Cytochrome b562 was engineered to introduce a cysteine residue at a surface-exposed position to facilitate direct self-assembly on a Au(111) surface. The confined protein exhibited reversible and fast electron exchange with a gold substrate over a distance of 20 Å between the heme redox center and the gold surface, a clear indication that a long-range electron-transfer pathway is established. Electrochemical scanning tunneling microscopy was used to map electron transport features of the protein at the single-molecule level. Tunneling resonance was directly imaged and apparent molecular conductance was measured, which both show strong redox-gated effects. This study has addressed the first case of heme proteins and offered new perspectives in single-molecule bioelectronics.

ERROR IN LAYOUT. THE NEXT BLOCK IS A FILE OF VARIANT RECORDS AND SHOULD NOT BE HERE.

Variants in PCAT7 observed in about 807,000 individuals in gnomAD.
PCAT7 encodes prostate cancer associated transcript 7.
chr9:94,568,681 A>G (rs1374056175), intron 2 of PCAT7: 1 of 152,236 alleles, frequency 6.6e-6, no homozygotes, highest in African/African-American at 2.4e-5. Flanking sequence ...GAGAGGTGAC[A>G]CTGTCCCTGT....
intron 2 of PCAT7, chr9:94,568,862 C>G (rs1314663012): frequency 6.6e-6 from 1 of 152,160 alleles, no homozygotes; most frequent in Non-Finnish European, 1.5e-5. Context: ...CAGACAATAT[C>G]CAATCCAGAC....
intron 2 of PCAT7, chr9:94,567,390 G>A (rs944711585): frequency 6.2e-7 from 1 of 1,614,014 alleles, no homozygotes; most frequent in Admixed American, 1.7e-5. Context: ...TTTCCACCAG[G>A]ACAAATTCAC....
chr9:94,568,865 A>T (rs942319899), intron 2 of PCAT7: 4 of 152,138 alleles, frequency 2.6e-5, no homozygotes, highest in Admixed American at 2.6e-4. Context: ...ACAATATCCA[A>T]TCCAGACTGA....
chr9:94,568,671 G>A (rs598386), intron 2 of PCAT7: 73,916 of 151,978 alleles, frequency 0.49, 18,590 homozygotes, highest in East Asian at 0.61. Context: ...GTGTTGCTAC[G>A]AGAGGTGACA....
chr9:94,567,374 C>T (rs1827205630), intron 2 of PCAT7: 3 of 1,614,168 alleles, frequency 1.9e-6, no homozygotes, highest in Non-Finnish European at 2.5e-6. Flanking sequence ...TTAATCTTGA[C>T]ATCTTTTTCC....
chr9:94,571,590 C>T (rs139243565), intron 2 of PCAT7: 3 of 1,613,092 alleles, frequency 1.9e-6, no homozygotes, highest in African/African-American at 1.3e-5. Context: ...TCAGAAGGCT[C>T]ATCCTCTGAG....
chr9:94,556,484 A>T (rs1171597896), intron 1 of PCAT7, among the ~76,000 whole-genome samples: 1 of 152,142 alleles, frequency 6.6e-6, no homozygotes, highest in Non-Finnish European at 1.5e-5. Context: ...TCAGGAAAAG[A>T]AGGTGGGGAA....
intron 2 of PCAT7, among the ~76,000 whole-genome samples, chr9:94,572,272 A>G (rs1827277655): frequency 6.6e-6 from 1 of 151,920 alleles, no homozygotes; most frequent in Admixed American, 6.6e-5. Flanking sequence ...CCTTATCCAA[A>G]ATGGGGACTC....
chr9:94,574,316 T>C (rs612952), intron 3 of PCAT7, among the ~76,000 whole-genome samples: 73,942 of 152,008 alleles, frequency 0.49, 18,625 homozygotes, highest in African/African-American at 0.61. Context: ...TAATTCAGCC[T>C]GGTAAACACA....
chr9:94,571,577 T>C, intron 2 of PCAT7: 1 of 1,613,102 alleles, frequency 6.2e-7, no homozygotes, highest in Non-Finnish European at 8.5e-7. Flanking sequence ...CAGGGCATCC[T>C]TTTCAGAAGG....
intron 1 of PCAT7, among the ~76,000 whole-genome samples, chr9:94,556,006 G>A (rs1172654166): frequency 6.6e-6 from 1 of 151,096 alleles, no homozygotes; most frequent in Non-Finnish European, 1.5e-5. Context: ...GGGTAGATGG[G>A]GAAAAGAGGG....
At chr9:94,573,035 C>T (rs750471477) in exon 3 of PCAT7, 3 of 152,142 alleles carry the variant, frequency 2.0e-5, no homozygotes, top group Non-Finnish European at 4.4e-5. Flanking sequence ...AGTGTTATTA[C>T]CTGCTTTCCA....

- Redox-gated tunneling resonance
- Cytochrome b562
- Protein engineering
- Single-molecule electronics
- Scanning tunneling microscopy